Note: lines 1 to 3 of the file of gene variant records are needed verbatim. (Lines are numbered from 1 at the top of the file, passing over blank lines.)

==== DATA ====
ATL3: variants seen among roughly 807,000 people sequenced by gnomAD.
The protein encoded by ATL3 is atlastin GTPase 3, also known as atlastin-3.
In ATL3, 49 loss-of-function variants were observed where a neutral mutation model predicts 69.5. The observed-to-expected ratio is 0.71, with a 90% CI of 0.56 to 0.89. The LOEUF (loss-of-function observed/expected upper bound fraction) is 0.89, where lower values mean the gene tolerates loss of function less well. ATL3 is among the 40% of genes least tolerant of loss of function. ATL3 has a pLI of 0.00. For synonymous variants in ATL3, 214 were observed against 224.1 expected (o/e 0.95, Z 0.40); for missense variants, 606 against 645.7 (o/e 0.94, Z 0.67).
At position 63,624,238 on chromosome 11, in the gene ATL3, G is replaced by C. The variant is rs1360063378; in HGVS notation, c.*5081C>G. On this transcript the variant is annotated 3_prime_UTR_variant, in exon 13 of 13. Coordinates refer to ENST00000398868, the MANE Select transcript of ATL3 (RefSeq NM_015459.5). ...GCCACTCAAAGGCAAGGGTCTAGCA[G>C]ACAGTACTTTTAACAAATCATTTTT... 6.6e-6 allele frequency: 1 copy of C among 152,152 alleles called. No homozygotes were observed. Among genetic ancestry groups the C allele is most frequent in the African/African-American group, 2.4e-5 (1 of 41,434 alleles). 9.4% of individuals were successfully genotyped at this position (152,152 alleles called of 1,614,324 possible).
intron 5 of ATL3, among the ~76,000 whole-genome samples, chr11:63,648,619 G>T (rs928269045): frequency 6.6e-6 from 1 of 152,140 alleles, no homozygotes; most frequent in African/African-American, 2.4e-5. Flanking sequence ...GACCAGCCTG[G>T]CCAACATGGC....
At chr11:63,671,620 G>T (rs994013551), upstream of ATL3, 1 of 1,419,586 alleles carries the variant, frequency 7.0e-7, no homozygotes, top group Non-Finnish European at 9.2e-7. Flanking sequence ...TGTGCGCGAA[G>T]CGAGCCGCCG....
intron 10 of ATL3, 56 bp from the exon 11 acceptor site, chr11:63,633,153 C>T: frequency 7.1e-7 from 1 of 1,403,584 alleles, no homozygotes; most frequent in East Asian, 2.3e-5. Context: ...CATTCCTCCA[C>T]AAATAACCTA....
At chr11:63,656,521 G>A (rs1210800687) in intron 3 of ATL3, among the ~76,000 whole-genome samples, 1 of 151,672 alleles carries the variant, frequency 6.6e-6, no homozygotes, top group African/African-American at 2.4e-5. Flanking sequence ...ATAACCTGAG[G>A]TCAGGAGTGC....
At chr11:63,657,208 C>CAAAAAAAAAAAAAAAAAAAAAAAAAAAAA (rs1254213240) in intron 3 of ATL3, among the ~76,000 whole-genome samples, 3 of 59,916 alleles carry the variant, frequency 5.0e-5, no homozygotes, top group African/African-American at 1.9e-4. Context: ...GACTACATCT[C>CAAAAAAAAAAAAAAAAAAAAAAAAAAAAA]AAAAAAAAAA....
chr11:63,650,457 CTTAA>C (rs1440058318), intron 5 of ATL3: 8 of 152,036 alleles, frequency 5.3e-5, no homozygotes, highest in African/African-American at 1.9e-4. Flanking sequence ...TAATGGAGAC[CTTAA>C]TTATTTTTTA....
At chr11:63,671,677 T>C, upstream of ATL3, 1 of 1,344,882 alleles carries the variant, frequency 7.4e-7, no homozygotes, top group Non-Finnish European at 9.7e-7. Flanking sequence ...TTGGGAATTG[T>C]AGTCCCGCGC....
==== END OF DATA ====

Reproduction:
ATL3: variants seen among roughly 807,000 people sequenced by gnomAD.
The protein encoded by ATL3 is atlastin GTPase 3, also known as atlastin-3.
In ATL3, 49 loss-of-function variants were observed where a neutral mutation model predicts 69.5. The observed-to-expected ratio is 0.71, with a 90% CI of 0.56 to 0.89. The LOEUF (loss-of-function observed/expected upper bound fraction) is 0.89, where lower values mean the gene tolerates loss of function less well. ATL3 is among the 40% of genes least tolerant of loss of function. ATL3 has a pLI of 0.00. For synonymous variants in ATL3, 214 were observed against 224.1 expected (o/e 0.95, Z 0.40); for missense variants, 606 against 645.7 (o/e 0.94, Z 0.67).